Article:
FAU’s C-130 arrived in Uruguay with air traffic control radar from Indra


The KC-130H Hercules (FAU 595) arrived at Carrasco airport (Uruguay) carrying an air traffic control radar manufactured by Indra (a renowned Spanish actor technology company), which will be deployed by the Uruguayan Air Force (FAU) for 2 years, under a rental contract of 970 thousand euros.

Indra radar being loaded onto the FAU KC-130H at the base in Torrejón (Spain).

This need arose from the failures detected in the primary radar of the air traffic control at Carrasco airport, which eventually put it out of service. This is a Selex radar, of Italian origin, which, as reported by Defense Minister Javier García, and whose warranty has expired since 2017 and no major maintenance has been carried out since then.

Currently, this radar has been repaired by Uruguayan personnel under the coordination of Italian technicians, but it will not be integrated into the air traffic control network until all the necessary tests and checks have been carried out to ensure the adequacy of the repairs. and the safety of its operation.

Meanwhile, the Indra radar, which was airborne by one of the Uruguayan KC-130Hs recently acquired from the surplus of the Spanish Air Force, will be installed in Carrasco to replace the Selex system as the main means of airborne detection. And once the Selex radar is fully operational again, the Indra system will complete it, until the end of its rental period.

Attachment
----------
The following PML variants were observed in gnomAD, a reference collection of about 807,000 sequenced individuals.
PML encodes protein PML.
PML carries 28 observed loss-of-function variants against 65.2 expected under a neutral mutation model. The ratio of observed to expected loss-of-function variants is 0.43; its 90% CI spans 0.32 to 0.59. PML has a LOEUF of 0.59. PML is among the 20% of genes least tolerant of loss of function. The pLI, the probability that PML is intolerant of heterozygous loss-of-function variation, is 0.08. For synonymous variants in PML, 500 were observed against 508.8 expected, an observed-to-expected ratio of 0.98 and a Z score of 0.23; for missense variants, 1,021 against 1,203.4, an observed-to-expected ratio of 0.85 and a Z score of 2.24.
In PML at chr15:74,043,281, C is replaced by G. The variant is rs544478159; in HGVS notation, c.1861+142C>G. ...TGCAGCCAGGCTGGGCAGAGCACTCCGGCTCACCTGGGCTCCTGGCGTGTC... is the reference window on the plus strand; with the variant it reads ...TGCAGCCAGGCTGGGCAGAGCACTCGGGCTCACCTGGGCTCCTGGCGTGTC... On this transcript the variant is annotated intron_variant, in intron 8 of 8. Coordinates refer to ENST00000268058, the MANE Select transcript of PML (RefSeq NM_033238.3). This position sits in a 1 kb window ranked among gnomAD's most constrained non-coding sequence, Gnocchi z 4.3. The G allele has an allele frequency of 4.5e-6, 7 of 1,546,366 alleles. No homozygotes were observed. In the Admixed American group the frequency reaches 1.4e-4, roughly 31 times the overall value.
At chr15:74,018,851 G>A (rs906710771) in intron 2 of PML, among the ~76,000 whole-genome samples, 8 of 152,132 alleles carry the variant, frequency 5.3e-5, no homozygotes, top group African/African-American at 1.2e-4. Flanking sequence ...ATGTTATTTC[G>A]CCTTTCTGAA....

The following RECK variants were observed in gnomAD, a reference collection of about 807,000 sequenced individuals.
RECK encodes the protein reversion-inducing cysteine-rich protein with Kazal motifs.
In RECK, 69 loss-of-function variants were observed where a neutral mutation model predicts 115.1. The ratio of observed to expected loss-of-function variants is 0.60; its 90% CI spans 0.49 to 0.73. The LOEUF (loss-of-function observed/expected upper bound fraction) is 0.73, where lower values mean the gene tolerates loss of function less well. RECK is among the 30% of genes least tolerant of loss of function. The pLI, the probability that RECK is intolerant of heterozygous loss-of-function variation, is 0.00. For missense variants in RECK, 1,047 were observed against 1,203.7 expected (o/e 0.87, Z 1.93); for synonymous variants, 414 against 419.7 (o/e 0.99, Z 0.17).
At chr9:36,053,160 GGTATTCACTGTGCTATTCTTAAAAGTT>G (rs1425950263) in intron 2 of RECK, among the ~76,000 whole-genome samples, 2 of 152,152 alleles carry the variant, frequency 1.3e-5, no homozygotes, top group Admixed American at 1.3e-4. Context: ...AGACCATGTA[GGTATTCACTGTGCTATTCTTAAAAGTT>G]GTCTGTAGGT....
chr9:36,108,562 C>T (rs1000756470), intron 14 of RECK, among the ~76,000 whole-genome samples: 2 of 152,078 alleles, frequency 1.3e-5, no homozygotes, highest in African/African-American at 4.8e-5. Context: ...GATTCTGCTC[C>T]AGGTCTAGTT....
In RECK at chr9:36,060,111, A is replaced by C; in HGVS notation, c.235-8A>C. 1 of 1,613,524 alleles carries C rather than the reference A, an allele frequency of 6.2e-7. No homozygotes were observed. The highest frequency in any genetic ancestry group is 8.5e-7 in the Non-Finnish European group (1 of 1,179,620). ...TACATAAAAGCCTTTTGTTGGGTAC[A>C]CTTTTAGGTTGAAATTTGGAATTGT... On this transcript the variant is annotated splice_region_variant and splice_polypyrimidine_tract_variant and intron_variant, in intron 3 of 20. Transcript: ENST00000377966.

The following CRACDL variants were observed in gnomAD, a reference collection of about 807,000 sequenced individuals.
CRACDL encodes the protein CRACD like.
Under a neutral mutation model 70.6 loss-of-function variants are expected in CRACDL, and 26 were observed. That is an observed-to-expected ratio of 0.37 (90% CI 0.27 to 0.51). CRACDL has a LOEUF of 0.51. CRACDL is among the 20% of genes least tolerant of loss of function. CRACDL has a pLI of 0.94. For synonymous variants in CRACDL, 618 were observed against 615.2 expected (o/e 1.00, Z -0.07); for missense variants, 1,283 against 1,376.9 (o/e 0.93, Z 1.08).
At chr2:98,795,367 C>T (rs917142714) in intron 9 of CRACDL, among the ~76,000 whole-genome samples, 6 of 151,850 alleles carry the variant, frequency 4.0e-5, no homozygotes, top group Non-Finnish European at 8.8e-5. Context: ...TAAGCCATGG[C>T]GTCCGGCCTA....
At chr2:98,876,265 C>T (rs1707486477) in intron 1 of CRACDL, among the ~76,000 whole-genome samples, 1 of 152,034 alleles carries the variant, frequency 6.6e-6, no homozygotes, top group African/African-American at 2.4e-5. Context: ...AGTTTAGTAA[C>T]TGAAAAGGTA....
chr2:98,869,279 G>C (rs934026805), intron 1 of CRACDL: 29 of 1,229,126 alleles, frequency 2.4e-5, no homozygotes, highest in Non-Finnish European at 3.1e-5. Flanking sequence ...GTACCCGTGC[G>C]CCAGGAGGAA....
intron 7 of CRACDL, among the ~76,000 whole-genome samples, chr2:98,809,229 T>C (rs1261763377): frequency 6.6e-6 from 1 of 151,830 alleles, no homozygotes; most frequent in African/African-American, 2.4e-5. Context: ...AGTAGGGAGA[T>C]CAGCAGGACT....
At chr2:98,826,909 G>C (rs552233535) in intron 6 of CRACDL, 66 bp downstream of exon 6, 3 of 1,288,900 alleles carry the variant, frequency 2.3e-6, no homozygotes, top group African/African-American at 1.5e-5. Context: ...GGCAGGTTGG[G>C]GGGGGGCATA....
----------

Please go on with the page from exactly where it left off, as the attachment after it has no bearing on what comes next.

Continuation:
In addition, a backup ADS-B system will be installed at the FAU facilities at Santa Bernardina International Airport (Durazno), near the center of the country.

ADS-B (Automatic Dependent Surveillance Broadcast) is a cooperative surveillance technology in which an aircraft determines its position through satellite navigation and periodically broadcasts it, allowing it to be tracked by traffic management systems. air.

The information can be received by ground control stations as a replacement for the secondary radar, as they do not need to receive a ground signal to broadcast. It can also be received by other aircraft to provide the crew with better situational awareness, thus allowing the routes to be adjusted in order to reduce the risk of mid-air collision.

The ADS-B system is “automatic” in that it requires no pilot action or external input and “dependent” in that it relies on data from the aircraft’s navigation system.

ADS-B represents one of the latest airworthiness safety standards and is gradually becoming a mandatory implementation item.

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